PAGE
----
I believe he’s also said similar about TOEs but in reference to equipment, since TOEs are just persistent spawnlists attached to brigades rather than cities.

Of course, the motivation [and stated motivation at that] behind persuing brigade loyalty was primarily as a form of shoebox balancing mechanism.

I guess if you spend most of your time steeped in (frankly, quite scary) politics its probably kinda easy to miss a simple straight line like that.

I just had an idea…but then again–who doesn’t have an opinion on this? :)

Vehicles are composed of parts, produced at factories. Ball bearings, foundries, munitions, fuel…I’m sure there are others we could include here.

Are there hooks tied into the TOE resupply code so that damage inflicted upon a factory can hinder production of a vehicle and it’s delivery to the front line unit? Imagine…

For instance, the French bomb a German fuel depot, reducing the rate of fuel production and starts to deplete fuel reserves. Once the fuel reserves are depleted, the resupply of both air, sea and ground vehicle units would be delayed until the required level of fuel is produced to send the next queued vehicle to the front. Fuel depots, warehouses, assembly plants–these could all be strategic targets that affect supply based on production capacity.

Once a unit is produced, it is driven in the gameworld by AI to it’s TOE of destination. This AI unit can be interdicted, be it on the road, or on the ocean.

If it makes it to the front line unit, it is placed in the spawn pool with a level of fuel that is a direct reflection of the fuel production/reserves available.

If you bomb one sides fuel system to zero, they deplete their reserves, then they can’t drive and can’t fly and can’t sail until factories/refiners/depots repair and start providing fuel to the front line.

Ah….when I hit the lottery…….

The in game representation of supply has been discussed a lot. It would be very nice, but other items are always more pressing.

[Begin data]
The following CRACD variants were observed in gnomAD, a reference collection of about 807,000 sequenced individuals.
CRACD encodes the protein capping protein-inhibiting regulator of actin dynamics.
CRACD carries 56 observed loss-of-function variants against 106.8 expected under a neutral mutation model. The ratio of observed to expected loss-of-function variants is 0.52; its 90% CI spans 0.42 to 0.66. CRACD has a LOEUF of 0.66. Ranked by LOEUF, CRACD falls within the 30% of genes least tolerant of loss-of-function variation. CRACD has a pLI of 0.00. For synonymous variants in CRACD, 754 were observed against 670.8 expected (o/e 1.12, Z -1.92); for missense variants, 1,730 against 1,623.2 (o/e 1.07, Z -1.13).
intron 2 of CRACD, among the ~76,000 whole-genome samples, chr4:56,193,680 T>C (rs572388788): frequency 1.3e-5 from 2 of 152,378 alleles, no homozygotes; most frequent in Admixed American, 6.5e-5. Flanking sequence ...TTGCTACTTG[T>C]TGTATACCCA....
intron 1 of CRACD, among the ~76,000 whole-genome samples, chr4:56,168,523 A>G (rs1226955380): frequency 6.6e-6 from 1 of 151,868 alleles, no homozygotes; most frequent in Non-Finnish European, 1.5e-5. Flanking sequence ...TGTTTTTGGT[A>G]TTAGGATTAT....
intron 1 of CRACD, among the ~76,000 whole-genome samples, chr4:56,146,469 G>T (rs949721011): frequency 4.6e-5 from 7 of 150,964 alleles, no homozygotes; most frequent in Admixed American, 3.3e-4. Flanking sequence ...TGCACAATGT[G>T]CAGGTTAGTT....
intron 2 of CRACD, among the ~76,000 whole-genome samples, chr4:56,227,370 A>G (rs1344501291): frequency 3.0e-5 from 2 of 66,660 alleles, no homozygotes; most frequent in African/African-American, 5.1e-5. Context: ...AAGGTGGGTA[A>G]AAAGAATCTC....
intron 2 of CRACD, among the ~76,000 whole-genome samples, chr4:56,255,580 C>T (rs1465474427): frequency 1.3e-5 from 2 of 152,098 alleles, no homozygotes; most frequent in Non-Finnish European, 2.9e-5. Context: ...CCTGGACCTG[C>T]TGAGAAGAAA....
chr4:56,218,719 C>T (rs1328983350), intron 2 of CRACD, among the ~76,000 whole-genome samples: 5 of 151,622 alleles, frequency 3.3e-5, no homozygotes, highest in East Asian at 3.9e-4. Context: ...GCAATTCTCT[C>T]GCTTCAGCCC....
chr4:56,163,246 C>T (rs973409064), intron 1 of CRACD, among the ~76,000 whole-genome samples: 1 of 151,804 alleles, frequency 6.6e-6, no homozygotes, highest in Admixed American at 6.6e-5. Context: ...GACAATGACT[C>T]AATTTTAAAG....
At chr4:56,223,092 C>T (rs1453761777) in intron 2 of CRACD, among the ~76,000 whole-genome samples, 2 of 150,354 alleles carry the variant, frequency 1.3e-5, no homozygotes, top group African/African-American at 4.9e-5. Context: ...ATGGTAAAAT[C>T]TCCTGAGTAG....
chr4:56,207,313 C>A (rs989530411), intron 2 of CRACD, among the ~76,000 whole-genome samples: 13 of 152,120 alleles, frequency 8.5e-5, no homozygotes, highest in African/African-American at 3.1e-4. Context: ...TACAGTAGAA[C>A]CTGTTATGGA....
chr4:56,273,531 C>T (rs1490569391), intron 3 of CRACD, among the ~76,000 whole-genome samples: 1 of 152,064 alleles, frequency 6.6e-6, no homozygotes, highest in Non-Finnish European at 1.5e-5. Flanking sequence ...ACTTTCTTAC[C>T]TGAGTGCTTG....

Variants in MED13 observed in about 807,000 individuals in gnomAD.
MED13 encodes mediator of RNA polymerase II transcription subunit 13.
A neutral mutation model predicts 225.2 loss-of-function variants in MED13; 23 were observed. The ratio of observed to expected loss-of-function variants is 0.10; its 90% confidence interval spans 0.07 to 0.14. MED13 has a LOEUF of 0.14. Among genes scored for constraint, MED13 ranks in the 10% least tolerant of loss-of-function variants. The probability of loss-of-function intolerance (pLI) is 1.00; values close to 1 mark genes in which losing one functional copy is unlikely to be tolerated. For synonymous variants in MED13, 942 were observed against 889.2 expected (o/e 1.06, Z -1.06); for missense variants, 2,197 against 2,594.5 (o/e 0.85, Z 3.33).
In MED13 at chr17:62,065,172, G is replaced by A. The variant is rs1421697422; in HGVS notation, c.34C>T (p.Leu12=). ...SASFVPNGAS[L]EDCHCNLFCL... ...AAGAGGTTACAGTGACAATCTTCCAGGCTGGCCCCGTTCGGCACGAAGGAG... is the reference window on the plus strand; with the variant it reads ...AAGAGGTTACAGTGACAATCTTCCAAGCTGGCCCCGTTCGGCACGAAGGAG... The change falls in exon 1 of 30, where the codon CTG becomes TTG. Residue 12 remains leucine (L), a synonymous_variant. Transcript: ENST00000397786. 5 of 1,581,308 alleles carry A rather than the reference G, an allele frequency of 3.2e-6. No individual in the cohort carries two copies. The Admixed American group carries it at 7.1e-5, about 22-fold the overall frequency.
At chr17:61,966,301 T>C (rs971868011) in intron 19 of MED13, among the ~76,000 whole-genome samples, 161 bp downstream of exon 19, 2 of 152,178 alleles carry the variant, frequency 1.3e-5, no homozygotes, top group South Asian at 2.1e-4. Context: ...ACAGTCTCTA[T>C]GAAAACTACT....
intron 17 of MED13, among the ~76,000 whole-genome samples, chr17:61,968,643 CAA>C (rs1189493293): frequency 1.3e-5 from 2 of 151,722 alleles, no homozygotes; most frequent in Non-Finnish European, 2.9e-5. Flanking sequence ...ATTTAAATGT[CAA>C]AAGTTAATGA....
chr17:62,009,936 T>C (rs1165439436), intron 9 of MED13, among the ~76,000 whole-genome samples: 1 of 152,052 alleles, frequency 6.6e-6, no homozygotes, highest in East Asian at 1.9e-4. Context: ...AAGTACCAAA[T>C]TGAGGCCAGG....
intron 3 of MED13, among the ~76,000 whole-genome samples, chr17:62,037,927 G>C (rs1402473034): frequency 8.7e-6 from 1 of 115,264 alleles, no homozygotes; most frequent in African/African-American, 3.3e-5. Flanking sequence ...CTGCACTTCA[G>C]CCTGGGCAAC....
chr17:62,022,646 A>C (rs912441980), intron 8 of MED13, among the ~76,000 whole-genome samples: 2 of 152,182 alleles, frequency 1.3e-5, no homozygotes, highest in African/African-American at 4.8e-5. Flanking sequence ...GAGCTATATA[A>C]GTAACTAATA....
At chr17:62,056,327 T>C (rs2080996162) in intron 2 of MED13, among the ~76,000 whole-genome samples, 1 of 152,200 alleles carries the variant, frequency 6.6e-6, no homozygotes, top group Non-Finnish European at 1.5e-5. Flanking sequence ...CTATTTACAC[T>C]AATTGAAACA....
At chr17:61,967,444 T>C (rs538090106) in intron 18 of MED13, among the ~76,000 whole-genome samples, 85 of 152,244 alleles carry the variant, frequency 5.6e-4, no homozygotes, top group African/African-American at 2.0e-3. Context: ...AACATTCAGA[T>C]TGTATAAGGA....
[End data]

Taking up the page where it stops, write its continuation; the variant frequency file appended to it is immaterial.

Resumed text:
It’s nice to hear that kfsone is not holding back on his personal opinions. I follow a similar philosophy on my own blog. What I disagree with is his expectation that his visitors hold back on their own opinions. So, if he wants (which is admittedly unlikely) he can continue to take personal shots at me and the ideology he thinks I have over on my personal site, and I will never place him on ignore. It would only be fair since I did take one to many personal shots at him.

I don’t know what happened in the thread where I “demonised” KFSone because I apparently unsubscribed the day before my billing, as apposed to the day after as was my intention. At any rate, I was quite clearly invited to do it in post 21 above, and it was hardly a demonization, as the two quotes from KFSone that survived moderation are quite relevant to gameplay.

I will continue to check this blog until TOES are released, as it is the only reliable source of information as to their status, and will resubscribe when they are completed, hopefully to be proven wrong in my doubts of their genuine implementation.

I think I just interpreted this quote correctly.

“Yes, war is about creating imbalances, but thats where supply and attrition come in. If the dealer let one player draw from an extra deck of cards, how many hands of poker would you be willing to chip a $20 ante into? What if he allowed him to take just the top 4 cards?”

He’s arguing against the current implementation of balancing. I agree with him here. But it is needed until TOE come in because the supply and attrition as they are now do not begin to counteract the effect of logins.

If the balance of various battles was determined by the equipment that each brigade managed to preserve more than the amount of players logged into each side, then the game would be much closer to the game I wanted to play, and the direction I believed the game was headed. If that is where KFSone wants the game to be, then I stand corrected.

Dude, both equipment and player numbers factor in. It isn’t one or the other, and it never will be. Morale, unlike real war, will cause a player to not log on. In real war, you can’t log off–so player numbers is always going to be a huge issue.

guessing that would be the thread where you asked the barracks to interpret kfs1es personal comments on his blog and then tried to pass off trouts comments as though they were kfs too.